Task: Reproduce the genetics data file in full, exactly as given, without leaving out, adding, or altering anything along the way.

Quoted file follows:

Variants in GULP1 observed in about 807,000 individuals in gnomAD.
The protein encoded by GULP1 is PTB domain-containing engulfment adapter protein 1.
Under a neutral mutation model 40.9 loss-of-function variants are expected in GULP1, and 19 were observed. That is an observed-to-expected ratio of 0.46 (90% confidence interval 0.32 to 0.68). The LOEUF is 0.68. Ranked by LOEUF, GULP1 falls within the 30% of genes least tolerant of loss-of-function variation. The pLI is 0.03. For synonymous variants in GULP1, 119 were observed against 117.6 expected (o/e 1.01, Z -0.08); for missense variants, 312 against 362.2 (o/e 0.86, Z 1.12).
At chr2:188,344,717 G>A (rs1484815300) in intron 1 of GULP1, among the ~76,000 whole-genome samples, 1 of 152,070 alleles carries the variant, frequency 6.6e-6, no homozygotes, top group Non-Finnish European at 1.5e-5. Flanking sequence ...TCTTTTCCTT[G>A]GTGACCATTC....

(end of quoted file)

Variants in GULP1 observed in about 807,000 individuals in gnomAD.
The protein encoded by GULP1 is PTB domain-containing engulfment adapter protein 1.
Under a neutral mutation model 40.9 loss-of-function variants are expected in GULP1, and 19 were observed. That is an observed-to-expected ratio of 0.46 (90% confidence interval 0.32 to 0.68). The LOEUF is 0.68. Ranked by LOEUF, GULP1 falls within the 30% of genes least tolerant of loss-of-function variation. The pLI is 0.03. For synonymous variants in GULP1, 119 were observed against 117.6 expected (o/e 1.01, Z -0.08); for missense variants, 312 against 362.2 (o/e 0.86, Z 1.12).
At chr2:188,344,717 G>A (rs1484815300) in intron 1 of GULP1, among the ~76,000 whole-genome samples, 1 of 152,070 alleles carries the variant, frequency 6.6e-6, no homozygotes, top group Non-Finnish European at 1.5e-5. Flanking sequence ...TCTTTTCCTT[G>A]GTGACCATTC....